Google is reportedly developing a built-in malware scanner for Android devices, according to code discovered by Android Police.
In looking at the string file associated with the recently updated Google Play Store, the blog found mentions of an "App Check," along with various possible menu pop-ups, like "Allow Google to check all apps installed to this device for harmful behavior?" and "Installing this app may harm your device."
As a result, it appears that your Android device might one day be able to check out the apps you have installed or are going to install on your phone and warn you if it finds something suspicious. Android Police speculated that it might be related to Google's recent acquisition of VirusTotal.
Google did not immediately respond to a request for comment.
In February, Google unveiled Bouncer, which automatically scans new and existing Android apps as well as developer accounts without requiring an application approval process. Bouncer, however, alerts the developer to possible problems with their apps; this new "App Check" option appears to focus on alerting the average Android user to danger.
Sophos analyst Graham Cluley said his examination of the new code suggests that the feature will not be available until at least API level 17, or the next version of Android after 4.1 Jelly Bean.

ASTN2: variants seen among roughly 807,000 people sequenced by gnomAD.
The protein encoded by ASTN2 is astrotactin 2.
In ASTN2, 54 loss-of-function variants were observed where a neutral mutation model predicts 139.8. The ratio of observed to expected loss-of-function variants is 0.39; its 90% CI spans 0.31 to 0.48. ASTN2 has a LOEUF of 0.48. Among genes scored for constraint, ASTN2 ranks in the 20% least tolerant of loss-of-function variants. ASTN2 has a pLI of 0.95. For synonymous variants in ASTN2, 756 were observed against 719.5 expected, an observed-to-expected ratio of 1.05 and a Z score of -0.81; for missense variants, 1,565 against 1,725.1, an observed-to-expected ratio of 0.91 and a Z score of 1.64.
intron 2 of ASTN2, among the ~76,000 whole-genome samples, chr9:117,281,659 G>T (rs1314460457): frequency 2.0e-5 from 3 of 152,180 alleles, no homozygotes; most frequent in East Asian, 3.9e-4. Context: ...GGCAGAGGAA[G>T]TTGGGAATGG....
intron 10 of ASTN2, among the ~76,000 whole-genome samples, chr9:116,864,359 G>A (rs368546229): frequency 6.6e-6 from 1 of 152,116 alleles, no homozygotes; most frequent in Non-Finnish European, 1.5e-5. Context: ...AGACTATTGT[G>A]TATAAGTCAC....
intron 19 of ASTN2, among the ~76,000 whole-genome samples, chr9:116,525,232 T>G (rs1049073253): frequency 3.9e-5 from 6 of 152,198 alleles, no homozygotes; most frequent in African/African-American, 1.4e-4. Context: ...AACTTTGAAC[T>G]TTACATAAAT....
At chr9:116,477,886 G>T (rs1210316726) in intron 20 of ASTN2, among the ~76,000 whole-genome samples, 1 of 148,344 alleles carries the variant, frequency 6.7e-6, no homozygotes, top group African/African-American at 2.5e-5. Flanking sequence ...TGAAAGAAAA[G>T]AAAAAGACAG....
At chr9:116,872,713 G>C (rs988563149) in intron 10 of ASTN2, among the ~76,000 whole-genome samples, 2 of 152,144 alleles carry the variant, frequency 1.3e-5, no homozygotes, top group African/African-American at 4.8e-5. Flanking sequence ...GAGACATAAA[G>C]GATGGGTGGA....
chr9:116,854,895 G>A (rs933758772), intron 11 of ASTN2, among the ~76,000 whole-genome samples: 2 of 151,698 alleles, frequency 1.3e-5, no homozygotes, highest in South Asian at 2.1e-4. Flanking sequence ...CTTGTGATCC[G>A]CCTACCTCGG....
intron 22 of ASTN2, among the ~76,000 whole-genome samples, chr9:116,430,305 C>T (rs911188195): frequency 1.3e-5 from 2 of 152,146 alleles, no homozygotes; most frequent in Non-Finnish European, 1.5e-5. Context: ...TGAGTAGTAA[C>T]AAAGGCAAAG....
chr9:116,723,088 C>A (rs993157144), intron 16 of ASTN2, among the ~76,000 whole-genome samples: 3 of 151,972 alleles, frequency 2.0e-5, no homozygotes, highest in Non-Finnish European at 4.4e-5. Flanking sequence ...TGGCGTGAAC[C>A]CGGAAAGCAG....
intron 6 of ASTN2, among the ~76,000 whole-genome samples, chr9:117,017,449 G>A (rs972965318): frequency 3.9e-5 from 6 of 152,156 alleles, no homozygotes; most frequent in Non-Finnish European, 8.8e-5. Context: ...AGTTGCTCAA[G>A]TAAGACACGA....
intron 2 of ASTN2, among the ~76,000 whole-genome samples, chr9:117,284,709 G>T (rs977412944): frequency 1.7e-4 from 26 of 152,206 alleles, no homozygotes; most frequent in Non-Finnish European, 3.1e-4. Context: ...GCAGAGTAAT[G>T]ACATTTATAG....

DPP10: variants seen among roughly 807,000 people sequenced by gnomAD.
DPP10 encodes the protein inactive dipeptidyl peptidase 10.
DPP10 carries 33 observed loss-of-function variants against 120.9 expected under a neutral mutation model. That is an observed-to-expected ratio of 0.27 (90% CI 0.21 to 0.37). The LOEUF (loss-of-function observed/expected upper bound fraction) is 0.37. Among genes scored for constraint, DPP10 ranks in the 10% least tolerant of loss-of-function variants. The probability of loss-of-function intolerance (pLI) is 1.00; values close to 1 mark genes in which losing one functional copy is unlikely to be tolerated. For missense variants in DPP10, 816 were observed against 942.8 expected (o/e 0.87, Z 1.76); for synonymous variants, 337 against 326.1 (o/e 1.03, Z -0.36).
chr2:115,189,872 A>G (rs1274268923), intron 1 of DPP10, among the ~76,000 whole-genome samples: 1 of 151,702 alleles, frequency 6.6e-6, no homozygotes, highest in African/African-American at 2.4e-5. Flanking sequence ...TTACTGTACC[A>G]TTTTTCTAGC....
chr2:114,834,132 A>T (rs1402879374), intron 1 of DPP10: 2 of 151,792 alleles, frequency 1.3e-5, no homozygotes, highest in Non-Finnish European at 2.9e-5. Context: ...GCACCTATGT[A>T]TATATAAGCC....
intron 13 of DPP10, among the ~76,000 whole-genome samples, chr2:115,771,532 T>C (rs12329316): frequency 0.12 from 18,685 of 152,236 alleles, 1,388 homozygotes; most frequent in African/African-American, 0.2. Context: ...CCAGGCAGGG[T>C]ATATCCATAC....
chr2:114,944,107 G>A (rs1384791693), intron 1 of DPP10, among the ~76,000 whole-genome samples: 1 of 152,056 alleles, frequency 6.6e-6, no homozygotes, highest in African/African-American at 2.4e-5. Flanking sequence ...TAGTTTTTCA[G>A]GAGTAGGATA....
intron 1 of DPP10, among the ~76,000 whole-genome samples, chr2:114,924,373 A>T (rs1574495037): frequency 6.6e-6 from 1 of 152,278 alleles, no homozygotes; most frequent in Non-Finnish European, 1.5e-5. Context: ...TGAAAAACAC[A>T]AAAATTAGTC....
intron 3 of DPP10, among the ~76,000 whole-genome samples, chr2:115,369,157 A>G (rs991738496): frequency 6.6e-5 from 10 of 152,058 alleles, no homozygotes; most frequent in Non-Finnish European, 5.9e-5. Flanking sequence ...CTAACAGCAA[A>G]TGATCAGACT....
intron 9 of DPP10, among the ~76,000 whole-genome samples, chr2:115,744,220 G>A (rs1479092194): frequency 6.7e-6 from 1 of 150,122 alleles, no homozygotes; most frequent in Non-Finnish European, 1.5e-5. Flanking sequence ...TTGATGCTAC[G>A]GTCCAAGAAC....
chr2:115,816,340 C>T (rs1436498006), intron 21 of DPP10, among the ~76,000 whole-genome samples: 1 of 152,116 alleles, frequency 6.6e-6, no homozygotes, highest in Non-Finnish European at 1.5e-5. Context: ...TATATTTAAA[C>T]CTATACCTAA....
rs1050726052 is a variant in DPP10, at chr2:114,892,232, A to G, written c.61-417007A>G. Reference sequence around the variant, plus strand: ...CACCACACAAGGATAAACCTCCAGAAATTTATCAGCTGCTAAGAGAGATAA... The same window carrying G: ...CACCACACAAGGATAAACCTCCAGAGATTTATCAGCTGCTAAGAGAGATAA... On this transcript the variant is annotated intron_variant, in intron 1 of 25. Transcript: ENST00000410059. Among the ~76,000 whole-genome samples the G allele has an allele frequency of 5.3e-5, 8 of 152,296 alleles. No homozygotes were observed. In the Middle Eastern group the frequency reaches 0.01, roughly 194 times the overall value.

The safety of Android apps has been a hot topic of late. Unlike Apple, which has strict app requirements and a sometimes lengthy approval process, Google allows any developer to add their apps to Google Play. This allows for more openness, but it also invites scammers to publish sketchy apps to the store.
Last week, for example, the FBI's Internet Crime Complaint Center (IC3), issued a warning about "various malware attacking Android operating systems for mobile devices." Specifically, the agency pointed to Loozfon, an information-stealing piece of malware that pushes work-at-home opportunities, and FinFisher, spyware that can take over a mobile device.
The news, meanwhile, comes as Google unveiled a new developer console. "We hope that with a streamlined publishing flow, new language options, and new user ratings statistics, you'll have better tools for delivering great Android apps that delight users," Google said in a blog post.